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garryb
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[*] posted on 19-1-2007 at 07:34
Names of dicarboxylic acids


For many years now I have been collecting the trivial names of straight chain alpha,omega-dicarboxylic acids.
Those I am aware of are as follows for COOH(CH2)nCOOH.
Where n = 0 Oxalic acid
1 Malonic
2 Succinic
3 Glutaric
4 Adipic
5 Pimelic
6 Suberic
7 Azelaic
8 Sebacic

Can anyone extend this series for me?
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[*] posted on 19-1-2007 at 07:35


I apologise for posting that in biochemistry - perhaps organic chemistry would have been better.
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[*] posted on 19-1-2007 at 19:38


I don't think that the trival names go any further than your list, I don't remember seeing any although there could be some.

The last 2 or 3 on the list were considered difficult to obtain, and this expensive, because their production from natural materials gave very low yields. There aren't many reasonably common natural materials that have reactive groups in the correct location to for the dicarboxylic acids.

Telomersation reactions give a simple path to longer chain diacids, but generally as a mixture that is difficult to process into the pure, isolated compounds. And as this is a purely synthetic route, starting with ethylene and a poly-halo methan or ethane, trival names didn't come up.
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[*] posted on 19-1-2007 at 20:13


The dicarboxylic acids can be extended by two carbon atoms at a time:
For example, succinic acid (n=2) is reduced to 1,4- butanediol with e.g. LiAlH4 or Na in ethanol, or catalytic hydrogenation (I know that 1,4-B is a large- scale industrial product and synthesis would be uneconomic, but it is just an example) and esterified with HBr to 1,4- dibromobutane.
This is then reacted with 2 mol sodium cyanide to obtain 1,4- dicyanobutane (adiponitrile), and upon hydrolysis with acid or base, adipic acid (n=4) is obtained (this is actually an industrial route to adipic acid, since 1,4-B and NaCN are very cheap high- volume industrial products).

This process could then be repeated with adipic acid to yield suberic acid, and so on.

That way, dicarboxylic acids with every number of carbon atoms can be obtained by starting with either one where n is divisable by two, or with one where n is not divisable by two.




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[*] posted on 20-1-2007 at 00:05


I am very sure that there are quite a few members who are slavering for specific procedures to reduce succinic acid to BDO or succinic anhydride to GBL on a bench scale.

Others probably know them already.
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[*] posted on 12-2-2007 at 22:28


The trivial names do go farther.. see Wikepedia for a longer list: http://en.wikipedia.org/wiki/Dicarboxylic_acid
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[*] posted on 13-2-2007 at 00:09


Quote:
Originally posted by chemrox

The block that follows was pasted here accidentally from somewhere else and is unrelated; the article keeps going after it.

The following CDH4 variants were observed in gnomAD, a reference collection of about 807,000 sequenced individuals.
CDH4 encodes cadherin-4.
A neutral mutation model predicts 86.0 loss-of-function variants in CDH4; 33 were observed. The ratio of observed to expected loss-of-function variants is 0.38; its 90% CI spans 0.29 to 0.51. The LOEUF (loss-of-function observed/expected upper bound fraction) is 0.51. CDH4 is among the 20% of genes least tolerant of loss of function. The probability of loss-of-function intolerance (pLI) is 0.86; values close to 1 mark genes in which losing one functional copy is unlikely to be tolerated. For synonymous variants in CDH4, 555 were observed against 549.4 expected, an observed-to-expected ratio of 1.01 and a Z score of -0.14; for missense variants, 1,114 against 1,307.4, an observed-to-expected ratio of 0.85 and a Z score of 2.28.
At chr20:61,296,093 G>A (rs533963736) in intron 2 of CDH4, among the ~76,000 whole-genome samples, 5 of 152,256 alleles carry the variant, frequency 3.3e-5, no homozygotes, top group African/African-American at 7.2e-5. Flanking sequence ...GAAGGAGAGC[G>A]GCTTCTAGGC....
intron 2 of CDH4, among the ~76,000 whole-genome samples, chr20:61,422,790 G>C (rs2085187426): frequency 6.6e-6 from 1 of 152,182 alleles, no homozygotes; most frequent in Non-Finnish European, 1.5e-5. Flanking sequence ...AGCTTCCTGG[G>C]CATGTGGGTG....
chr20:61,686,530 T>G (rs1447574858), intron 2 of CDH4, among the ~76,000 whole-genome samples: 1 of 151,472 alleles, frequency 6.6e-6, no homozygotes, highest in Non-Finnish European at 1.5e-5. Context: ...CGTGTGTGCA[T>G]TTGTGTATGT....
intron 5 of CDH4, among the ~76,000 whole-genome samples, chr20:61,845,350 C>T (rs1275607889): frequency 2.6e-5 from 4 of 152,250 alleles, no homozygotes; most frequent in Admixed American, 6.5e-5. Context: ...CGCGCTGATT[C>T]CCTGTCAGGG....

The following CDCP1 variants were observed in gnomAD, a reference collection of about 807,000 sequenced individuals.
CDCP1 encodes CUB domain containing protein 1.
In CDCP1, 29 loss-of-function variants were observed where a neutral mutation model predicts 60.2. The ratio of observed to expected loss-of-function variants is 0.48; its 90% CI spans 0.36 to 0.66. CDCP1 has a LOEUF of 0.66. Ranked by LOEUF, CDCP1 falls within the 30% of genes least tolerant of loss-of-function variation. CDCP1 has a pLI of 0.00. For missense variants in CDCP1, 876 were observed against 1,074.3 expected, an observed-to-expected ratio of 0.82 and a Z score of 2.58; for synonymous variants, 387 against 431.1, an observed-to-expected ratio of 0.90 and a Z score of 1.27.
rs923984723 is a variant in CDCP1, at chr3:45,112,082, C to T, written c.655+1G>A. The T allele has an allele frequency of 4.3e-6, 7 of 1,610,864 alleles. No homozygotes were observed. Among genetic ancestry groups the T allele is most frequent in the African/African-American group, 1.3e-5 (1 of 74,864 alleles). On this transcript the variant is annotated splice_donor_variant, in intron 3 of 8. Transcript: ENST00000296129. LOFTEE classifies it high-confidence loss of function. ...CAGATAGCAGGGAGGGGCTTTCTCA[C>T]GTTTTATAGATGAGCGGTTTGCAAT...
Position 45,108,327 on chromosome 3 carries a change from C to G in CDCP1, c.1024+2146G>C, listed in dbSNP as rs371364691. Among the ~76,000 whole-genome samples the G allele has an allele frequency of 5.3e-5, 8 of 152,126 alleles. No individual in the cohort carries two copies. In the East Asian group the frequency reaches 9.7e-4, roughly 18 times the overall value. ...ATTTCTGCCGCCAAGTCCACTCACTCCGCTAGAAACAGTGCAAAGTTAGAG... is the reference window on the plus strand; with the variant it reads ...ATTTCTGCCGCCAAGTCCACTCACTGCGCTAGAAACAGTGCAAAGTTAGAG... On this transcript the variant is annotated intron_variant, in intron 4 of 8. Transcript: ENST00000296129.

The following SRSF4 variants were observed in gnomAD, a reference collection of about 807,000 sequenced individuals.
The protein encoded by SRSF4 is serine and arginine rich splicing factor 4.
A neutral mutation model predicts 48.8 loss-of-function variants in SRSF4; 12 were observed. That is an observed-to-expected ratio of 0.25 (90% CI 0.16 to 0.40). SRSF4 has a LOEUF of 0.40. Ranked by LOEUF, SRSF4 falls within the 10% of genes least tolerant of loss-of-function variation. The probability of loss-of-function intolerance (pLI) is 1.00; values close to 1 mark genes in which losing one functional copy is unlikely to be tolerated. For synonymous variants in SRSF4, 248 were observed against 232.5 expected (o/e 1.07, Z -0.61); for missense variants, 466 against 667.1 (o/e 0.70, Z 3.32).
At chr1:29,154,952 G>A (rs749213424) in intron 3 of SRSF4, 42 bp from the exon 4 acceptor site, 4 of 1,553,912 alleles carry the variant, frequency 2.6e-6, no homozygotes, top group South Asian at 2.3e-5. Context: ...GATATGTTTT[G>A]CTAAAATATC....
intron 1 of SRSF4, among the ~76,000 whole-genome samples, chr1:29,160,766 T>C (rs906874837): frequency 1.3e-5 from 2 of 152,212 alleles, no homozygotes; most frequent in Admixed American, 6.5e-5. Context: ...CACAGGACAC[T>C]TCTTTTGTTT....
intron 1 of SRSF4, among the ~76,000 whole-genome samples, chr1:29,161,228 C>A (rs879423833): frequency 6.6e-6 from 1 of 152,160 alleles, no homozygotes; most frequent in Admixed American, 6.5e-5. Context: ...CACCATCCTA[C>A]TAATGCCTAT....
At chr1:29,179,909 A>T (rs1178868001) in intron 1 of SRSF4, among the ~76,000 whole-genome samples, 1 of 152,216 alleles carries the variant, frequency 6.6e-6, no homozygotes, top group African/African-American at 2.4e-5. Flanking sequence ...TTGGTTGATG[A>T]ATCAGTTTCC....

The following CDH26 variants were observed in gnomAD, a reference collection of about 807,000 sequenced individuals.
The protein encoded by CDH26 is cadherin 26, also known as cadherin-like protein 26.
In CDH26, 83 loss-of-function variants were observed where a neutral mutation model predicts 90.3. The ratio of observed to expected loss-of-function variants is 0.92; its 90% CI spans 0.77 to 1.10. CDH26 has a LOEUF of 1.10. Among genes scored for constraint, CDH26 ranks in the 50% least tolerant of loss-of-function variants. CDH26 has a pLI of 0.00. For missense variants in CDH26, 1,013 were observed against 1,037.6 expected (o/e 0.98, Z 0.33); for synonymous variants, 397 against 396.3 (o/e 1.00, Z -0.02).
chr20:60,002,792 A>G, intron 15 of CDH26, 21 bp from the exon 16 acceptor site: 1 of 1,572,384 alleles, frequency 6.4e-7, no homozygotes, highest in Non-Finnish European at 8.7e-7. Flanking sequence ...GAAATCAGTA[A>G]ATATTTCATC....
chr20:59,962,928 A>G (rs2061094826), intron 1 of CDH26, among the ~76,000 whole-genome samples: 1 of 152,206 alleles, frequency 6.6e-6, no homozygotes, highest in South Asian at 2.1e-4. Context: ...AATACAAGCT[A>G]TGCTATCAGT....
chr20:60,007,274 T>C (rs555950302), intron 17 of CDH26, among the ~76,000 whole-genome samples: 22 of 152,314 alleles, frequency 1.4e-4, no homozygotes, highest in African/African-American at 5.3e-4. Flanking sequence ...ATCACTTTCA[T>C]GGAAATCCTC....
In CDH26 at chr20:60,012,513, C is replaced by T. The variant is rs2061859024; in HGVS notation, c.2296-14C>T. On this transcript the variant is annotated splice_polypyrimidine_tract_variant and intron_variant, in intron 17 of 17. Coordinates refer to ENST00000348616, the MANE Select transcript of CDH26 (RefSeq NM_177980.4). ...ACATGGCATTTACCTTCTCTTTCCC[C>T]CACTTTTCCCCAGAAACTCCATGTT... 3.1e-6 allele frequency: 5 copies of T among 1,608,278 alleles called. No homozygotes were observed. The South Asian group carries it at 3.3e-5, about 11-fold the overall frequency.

The trivial names do go farther.. see Wikepedia for a longer list: http://en.wikipedia.org/wiki/Dicarboxylic_acid


Looks to be identical with the list in garryb's original post, which is for the "straight chain alpha,omega-dicarboxylic acids". Wiki also include phthalic acid, which is aromatic rather than staight chain aliphatic.
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[*] posted on 13-2-2007 at 10:12


Thanks for all the input people. I must say I think not_important's post is more accurate than chemrox's, but all posts have been appreciated. I confess to a liking for the old trivial names in organic chemistry, although of course I appreciate the "unambiguousness" and "systematic-ness" of newer nomenclature. I had hoped that names beyond sebacic might exist, but it appears not. Thanks again everyone.
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[*] posted on 13-2-2007 at 10:37


Speaking of carboxylic acids, what is (if it exists) C(COOH)4?

Tim




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[*] posted on 13-2-2007 at 11:35


Quote:
Originally posted by 12AX7
Speaking of carboxylic acids, what is (if it exists) C(COOH)4?

Tim


It's what you'd get by oxidising pentaerythritol. I don;t think it would be very stable, replace two CO2H with H and you've got malonic acid, I'd expect the tetra-carboxylic version to decarboxylate much more readily.

You might be able to sneak up on it through routes that would make an tetra-ester of the acid. I can't seem to find any reference of the acid or simple derivtives except for http://www.springerlink.com/content/k8884t6811962415/
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[*] posted on 24-2-2007 at 22:36


This was right to begin with. The numbering threw me:

1 Malonic
2 Succinic
3 Glutaric
4 Adipic
5 Pimelic
6 Suberic
7 Azelaic
8 Sebacic

versus:

acid alkane
oxalic ethane
Malonic propane
Succinic butane
Glutaric pentane
Adipic hexane
Pimelic heptane
Suberic octane
Azelaic nonane
Sebacic decane

sorry for my confusion